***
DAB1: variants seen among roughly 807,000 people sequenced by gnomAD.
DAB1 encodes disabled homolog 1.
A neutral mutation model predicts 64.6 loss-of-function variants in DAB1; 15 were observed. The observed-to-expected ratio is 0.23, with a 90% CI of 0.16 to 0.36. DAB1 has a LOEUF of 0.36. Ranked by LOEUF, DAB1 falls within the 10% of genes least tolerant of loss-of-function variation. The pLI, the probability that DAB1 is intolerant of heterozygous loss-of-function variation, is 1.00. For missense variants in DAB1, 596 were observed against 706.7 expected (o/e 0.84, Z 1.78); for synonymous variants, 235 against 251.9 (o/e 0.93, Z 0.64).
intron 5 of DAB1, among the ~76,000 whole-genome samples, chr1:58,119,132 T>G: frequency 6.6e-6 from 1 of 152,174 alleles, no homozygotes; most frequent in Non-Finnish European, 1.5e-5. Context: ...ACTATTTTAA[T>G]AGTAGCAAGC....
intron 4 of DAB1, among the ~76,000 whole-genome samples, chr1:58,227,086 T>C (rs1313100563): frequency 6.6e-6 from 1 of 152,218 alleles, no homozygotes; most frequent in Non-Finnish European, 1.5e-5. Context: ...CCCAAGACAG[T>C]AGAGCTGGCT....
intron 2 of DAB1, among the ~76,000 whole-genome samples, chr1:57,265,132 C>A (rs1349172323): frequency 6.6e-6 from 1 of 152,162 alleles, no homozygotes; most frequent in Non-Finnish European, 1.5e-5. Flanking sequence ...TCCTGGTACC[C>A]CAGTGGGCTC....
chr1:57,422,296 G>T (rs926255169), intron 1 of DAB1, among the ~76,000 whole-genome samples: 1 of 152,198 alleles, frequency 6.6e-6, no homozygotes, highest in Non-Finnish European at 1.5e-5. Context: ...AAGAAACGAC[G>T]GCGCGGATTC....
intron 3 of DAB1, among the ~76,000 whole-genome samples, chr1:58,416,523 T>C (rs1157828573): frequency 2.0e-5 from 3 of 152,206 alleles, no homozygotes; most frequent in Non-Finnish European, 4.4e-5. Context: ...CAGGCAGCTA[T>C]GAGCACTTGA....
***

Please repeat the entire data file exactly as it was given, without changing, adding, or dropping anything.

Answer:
DAB1: variants seen among roughly 807,000 people sequenced by gnomAD.
DAB1 encodes disabled homolog 1.
A neutral mutation model predicts 64.6 loss-of-function variants in DAB1; 15 were observed. The observed-to-expected ratio is 0.23, with a 90% CI of 0.16 to 0.36. DAB1 has a LOEUF of 0.36. Ranked by LOEUF, DAB1 falls within the 10% of genes least tolerant of loss-of-function variation. The pLI, the probability that DAB1 is intolerant of heterozygous loss-of-function variation, is 1.00. For missense variants in DAB1, 596 were observed against 706.7 expected (o/e 0.84, Z 1.78); for synonymous variants, 235 against 251.9 (o/e 0.93, Z 0.64).
intron 5 of DAB1, among the ~76,000 whole-genome samples, chr1:58,119,132 T>G: frequency 6.6e-6 from 1 of 152,174 alleles, no homozygotes; most frequent in Non-Finnish European, 1.5e-5. Context: ...ACTATTTTAA[T>G]AGTAGCAAGC....
intron 4 of DAB1, among the ~76,000 whole-genome samples, chr1:58,227,086 T>C (rs1313100563): frequency 6.6e-6 from 1 of 152,218 alleles, no homozygotes; most frequent in Non-Finnish European, 1.5e-5. Context: ...CCCAAGACAG[T>C]AGAGCTGGCT....
intron 2 of DAB1, among the ~76,000 whole-genome samples, chr1:57,265,132 C>A (rs1349172323): frequency 6.6e-6 from 1 of 152,162 alleles, no homozygotes; most frequent in Non-Finnish European, 1.5e-5. Flanking sequence ...TCCTGGTACC[C>A]CAGTGGGCTC....
chr1:57,422,296 G>T (rs926255169), intron 1 of DAB1, among the ~76,000 whole-genome samples: 1 of 152,198 alleles, frequency 6.6e-6, no homozygotes, highest in Non-Finnish European at 1.5e-5. Context: ...AAGAAACGAC[G>T]GCGCGGATTC....
intron 3 of DAB1, among the ~76,000 whole-genome samples, chr1:58,416,523 T>C (rs1157828573): frequency 2.0e-5 from 3 of 152,206 alleles, no homozygotes; most frequent in Non-Finnish European, 4.4e-5. Context: ...CAGGCAGCTA[T>C]GAGCACTTGA....